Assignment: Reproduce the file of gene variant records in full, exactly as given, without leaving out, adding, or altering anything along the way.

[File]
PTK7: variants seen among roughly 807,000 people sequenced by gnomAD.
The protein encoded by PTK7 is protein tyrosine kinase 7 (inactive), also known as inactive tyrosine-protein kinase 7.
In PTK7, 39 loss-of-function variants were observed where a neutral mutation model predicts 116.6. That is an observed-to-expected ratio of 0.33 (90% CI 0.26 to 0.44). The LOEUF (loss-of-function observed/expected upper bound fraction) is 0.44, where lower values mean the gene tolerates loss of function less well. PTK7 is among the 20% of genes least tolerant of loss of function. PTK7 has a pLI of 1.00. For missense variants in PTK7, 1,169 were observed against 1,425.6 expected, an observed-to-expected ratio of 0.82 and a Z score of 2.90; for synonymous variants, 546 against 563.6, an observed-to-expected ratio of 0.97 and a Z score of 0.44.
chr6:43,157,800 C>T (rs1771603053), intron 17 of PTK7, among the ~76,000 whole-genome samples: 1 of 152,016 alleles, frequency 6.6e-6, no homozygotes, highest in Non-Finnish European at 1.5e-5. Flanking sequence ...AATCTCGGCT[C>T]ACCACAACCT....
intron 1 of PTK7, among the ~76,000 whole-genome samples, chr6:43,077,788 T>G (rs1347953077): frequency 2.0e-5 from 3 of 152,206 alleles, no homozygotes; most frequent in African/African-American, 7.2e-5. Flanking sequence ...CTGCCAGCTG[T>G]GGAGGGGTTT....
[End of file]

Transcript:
PTK7: variants seen among roughly 807,000 people sequenced by gnomAD.
The protein encoded by PTK7 is protein tyrosine kinase 7 (inactive), also known as inactive tyrosine-protein kinase 7.
In PTK7, 39 loss-of-function variants were observed where a neutral mutation model predicts 116.6. That is an observed-to-expected ratio of 0.33 (90% CI 0.26 to 0.44). The LOEUF (loss-of-function observed/expected upper bound fraction) is 0.44, where lower values mean the gene tolerates loss of function less well. PTK7 is among the 20% of genes least tolerant of loss of function. PTK7 has a pLI of 1.00. For missense variants in PTK7, 1,169 were observed against 1,425.6 expected, an observed-to-expected ratio of 0.82 and a Z score of 2.90; for synonymous variants, 546 against 563.6, an observed-to-expected ratio of 0.97 and a Z score of 0.44.
chr6:43,157,800 C>T (rs1771603053), intron 17 of PTK7, among the ~76,000 whole-genome samples: 1 of 152,016 alleles, frequency 6.6e-6, no homozygotes, highest in Non-Finnish European at 1.5e-5. Flanking sequence ...AATCTCGGCT[C>T]ACCACAACCT....
intron 1 of PTK7, among the ~76,000 whole-genome samples, chr6:43,077,788 T>G (rs1347953077): frequency 2.0e-5 from 3 of 152,206 alleles, no homozygotes; most frequent in African/African-American, 7.2e-5. Flanking sequence ...CTGCCAGCTG[T>G]GGAGGGGTTT....